In my last column, I explained how I would check out a horse I was going to buy, or evaluate its training. I emphasized “riding a horse on the ground before riding them on their back.”

This down to earth, Jesus Christ style of horsemanship determines how comfortable the horse is partnering with us humans before we can even think about getting on their back.

I have explained in previous columns that a horse’s basic training should have all the maneuverability of a hovercraft. We should be able to have a horse go backward almost as easy as going forward. We should be able to pull with a direct rein to flex a horse’s neck so we can turn them on the front end. We should be able to lay a neck rein across their neck pushing them over as well as back so they can pivot on their hind end (using rhythmic as needed). We should be able to move them sideways both directions. This hovercraft movement can and should be done on the ground before getting in the saddle.

Mike Daniels

Mike Daniels

If I am dealing with a horse that is fresh and/or nervous, I usually will not longe them mindlessly in a circle. I would rather play cutting horse with them. I ask them to go, stop, turn one way, then go, stop, turn the other way, varying where I turn them, and varying the intensity, depending on how much I want to stress them, so they are challenged to think rather than worry.  This constant communication gets them in touch with me and helps unify our dance team of two.

I like saddling time for a new horse to be break time. I like a horse relishing how nice it is to take a break and relax while I’m saddling it. I saddle on the right side because all the cinches are on that side. I can arrange the cinches so I am satisfied to go over to the left side and finish attaching them. I want horses to stand while I am saddling them. If they move, I will direct them back to where they were. If they still want to move, I will take them back out and do some more cutting horse game with them until they are satisfied to stand while I saddle.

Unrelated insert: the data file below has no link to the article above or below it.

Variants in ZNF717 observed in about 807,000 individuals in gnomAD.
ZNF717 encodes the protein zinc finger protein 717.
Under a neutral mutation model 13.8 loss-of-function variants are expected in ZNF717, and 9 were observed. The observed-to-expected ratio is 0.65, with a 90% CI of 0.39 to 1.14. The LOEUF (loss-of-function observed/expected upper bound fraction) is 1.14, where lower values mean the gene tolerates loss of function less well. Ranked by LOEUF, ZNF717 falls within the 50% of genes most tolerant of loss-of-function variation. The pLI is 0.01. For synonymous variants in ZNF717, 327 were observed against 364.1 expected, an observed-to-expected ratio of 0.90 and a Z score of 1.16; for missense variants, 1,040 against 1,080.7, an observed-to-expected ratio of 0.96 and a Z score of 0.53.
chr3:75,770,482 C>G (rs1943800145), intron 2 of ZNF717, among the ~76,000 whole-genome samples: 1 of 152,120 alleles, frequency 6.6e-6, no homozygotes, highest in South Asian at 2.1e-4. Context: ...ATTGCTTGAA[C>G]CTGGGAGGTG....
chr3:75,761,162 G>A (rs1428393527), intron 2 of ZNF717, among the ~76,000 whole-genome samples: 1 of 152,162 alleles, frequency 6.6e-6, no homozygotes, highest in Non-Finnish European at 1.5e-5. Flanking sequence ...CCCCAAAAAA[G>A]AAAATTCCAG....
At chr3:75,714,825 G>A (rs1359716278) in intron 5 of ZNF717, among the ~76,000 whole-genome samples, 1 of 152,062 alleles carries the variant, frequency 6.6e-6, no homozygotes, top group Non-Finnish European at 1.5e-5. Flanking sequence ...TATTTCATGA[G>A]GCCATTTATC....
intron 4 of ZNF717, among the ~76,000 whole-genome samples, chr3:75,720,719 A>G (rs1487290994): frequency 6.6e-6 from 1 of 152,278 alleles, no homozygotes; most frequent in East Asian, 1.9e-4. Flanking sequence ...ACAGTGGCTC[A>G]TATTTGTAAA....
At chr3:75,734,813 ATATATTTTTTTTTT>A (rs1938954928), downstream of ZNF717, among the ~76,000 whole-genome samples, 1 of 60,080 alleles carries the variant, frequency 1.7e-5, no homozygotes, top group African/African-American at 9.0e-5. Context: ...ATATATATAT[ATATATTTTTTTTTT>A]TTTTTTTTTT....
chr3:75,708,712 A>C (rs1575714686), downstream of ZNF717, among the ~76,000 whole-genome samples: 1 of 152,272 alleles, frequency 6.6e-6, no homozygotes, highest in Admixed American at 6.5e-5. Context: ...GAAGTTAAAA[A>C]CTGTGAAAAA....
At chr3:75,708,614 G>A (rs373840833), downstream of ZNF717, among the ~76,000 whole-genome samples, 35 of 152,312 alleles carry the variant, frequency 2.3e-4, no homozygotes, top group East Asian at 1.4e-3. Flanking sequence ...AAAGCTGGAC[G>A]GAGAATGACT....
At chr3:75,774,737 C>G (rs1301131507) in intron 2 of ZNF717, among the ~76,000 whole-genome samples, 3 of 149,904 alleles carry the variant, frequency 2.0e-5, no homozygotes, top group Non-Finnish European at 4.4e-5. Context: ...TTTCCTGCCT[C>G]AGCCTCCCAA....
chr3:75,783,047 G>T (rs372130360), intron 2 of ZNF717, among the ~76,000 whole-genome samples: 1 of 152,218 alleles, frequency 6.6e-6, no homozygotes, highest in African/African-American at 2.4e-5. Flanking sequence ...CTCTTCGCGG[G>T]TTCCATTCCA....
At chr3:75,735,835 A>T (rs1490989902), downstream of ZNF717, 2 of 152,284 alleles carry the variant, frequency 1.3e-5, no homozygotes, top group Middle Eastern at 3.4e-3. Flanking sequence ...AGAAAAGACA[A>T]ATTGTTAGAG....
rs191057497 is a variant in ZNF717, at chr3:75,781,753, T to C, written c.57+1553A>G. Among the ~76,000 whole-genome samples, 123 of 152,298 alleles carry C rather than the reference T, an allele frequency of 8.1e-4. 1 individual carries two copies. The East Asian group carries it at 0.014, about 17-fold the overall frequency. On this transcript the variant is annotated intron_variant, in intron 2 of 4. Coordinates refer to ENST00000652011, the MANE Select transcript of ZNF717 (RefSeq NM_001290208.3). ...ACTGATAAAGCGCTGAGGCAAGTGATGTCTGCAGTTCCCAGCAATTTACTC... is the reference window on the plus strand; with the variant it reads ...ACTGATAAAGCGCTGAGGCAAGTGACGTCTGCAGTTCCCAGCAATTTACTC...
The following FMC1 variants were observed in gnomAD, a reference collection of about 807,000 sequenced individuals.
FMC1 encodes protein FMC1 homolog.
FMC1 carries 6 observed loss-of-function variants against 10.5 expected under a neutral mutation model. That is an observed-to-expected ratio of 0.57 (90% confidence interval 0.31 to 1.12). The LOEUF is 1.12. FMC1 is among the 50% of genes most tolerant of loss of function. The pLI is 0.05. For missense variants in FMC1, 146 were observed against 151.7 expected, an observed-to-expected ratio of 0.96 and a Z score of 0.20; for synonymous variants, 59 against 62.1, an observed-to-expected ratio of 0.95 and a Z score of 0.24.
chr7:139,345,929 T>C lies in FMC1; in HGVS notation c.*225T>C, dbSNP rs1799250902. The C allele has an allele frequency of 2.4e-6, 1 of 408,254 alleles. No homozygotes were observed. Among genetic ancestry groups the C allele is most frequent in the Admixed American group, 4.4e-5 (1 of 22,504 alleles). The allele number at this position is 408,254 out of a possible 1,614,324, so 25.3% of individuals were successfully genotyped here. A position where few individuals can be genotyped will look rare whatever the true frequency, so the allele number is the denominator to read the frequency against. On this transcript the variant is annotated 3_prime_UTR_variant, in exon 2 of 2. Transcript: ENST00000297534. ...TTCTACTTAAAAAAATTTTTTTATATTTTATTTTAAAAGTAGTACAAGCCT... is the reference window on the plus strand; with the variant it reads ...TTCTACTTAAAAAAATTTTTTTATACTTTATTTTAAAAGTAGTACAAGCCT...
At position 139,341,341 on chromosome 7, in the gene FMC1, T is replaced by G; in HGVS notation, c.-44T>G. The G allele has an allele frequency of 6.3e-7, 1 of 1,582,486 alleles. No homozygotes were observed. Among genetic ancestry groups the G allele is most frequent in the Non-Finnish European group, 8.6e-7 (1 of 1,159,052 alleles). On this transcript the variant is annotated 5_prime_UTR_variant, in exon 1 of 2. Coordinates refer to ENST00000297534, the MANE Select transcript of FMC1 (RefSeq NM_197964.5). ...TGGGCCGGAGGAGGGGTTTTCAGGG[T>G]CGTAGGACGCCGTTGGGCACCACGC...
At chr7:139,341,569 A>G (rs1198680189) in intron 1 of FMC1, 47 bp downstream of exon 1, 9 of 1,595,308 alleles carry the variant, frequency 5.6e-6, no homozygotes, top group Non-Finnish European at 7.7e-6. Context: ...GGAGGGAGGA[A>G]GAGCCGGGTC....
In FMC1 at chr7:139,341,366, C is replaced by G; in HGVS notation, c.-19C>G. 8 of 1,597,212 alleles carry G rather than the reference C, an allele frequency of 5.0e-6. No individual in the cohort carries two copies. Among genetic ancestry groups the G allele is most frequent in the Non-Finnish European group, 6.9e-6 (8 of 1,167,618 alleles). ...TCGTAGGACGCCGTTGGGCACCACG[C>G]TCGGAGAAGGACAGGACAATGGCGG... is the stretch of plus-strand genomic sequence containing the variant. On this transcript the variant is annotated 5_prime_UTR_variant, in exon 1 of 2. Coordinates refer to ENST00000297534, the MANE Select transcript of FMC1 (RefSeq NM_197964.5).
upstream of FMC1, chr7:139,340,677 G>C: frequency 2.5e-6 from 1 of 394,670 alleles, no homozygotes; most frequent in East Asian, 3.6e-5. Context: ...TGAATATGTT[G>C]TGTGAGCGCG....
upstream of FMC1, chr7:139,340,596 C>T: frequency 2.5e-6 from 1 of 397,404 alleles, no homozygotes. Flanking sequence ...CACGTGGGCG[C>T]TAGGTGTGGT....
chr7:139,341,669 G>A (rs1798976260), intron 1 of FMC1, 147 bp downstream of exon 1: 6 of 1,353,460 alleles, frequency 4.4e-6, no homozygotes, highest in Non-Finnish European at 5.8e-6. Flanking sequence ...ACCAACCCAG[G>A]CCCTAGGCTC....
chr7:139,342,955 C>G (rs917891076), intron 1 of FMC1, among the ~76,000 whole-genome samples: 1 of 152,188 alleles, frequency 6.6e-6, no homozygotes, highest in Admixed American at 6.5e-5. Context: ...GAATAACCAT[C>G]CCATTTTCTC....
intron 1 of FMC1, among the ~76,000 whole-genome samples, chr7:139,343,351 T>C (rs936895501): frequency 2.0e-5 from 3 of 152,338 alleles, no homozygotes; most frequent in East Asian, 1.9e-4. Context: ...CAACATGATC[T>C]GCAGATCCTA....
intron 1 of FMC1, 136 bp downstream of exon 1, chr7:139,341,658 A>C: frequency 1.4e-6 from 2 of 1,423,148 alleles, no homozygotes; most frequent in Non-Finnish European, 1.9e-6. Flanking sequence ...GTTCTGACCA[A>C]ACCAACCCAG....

The same thing applies to me getting on their backs. We want them to appreciate standing still and consider the act of the rider getting on their backs as break time also. All of these things I do evaluate a horse and establish a relationship between me and the horse at the same time. I want a horse to be comfortable with me, but to respect me at the same time. Before and after getting in the saddle, I will make sure the horse can laterally flex their nose around to its belly (pray with me). This helps me keep control of the horse if it gets riled, and I need to remind it about me again.

I will read how comfortable a horse seems to be at the walk, before I go to a trot, and then to a slow run. I will always be prepared to flex them to slow them if I sense them becoming reactionary. I will test all hovercraft movements in the saddle, just as I did on the ground. I will test whether unresponsiveness is due to lack of training, or just boredom. Of course, the boredom factor is fairly easy to deal with, by becoming black and white with warning signals, as well as provoking more thinking and adding speed to the equation.

If we have been serious about how we go about checking out our horses, we should not have any unpleasant surprises. This all hinges on whether we have decided to live in the world of reality by coming down to where the hoof meets the dirt. This God, down to earth, Jesus Christ, foot-washing stuff holds us accountable to keep us from blaming others after the fact for any unpleasant surprises.

Mike Daniels is a horsemanship trainer and barefoot trimming specialist from Raymondville. Email: rlhorse58@yahoo.com.

 

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